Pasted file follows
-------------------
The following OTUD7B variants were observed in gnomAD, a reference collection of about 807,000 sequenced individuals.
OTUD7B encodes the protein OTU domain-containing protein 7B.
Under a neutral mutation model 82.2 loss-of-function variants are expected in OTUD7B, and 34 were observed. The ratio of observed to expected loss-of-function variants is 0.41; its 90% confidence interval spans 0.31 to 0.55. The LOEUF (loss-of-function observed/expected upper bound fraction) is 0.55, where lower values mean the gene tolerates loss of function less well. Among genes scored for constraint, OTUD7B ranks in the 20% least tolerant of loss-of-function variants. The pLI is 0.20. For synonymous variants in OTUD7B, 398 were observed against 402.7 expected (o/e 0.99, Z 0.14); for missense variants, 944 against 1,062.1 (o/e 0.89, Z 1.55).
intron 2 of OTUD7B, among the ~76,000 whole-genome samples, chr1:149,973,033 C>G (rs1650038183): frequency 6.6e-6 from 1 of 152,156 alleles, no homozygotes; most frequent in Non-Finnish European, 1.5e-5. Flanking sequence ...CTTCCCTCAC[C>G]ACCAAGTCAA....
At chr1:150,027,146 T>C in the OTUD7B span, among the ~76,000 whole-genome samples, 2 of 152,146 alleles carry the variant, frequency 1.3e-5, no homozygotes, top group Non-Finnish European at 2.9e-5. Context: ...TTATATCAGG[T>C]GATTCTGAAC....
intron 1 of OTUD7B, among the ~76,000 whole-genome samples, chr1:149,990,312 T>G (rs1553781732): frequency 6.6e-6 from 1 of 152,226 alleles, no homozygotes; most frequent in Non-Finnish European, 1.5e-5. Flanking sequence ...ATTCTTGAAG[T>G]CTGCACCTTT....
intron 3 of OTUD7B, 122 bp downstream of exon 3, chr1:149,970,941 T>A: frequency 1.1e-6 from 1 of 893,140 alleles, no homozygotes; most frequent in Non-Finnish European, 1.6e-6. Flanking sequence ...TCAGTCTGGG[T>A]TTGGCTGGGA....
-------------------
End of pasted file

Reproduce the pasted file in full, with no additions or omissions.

The following OTUD7B variants were observed in gnomAD, a reference collection of about 807,000 sequenced individuals.
OTUD7B encodes the protein OTU domain-containing protein 7B.
Under a neutral mutation model 82.2 loss-of-function variants are expected in OTUD7B, and 34 were observed. The ratio of observed to expected loss-of-function variants is 0.41; its 90% confidence interval spans 0.31 to 0.55. The LOEUF (loss-of-function observed/expected upper bound fraction) is 0.55, where lower values mean the gene tolerates loss of function less well. Among genes scored for constraint, OTUD7B ranks in the 20% least tolerant of loss-of-function variants. The pLI is 0.20. For synonymous variants in OTUD7B, 398 were observed against 402.7 expected (o/e 0.99, Z 0.14); for missense variants, 944 against 1,062.1 (o/e 0.89, Z 1.55).
intron 2 of OTUD7B, among the ~76,000 whole-genome samples, chr1:149,973,033 C>G (rs1650038183): frequency 6.6e-6 from 1 of 152,156 alleles, no homozygotes; most frequent in Non-Finnish European, 1.5e-5. Flanking sequence ...CTTCCCTCAC[C>G]ACCAAGTCAA....
At chr1:150,027,146 T>C in the OTUD7B span, among the ~76,000 whole-genome samples, 2 of 152,146 alleles carry the variant, frequency 1.3e-5, no homozygotes, top group Non-Finnish European at 2.9e-5. Context: ...TTATATCAGG[T>C]GATTCTGAAC....
intron 1 of OTUD7B, among the ~76,000 whole-genome samples, chr1:149,990,312 T>G (rs1553781732): frequency 6.6e-6 from 1 of 152,226 alleles, no homozygotes; most frequent in Non-Finnish European, 1.5e-5. Flanking sequence ...ATTCTTGAAG[T>G]CTGCACCTTT....
intron 3 of OTUD7B, 122 bp downstream of exon 3, chr1:149,970,941 T>A: frequency 1.1e-6 from 1 of 893,140 alleles, no homozygotes; most frequent in Non-Finnish European, 1.6e-6. Flanking sequence ...TCAGTCTGGG[T>A]TTGGCTGGGA....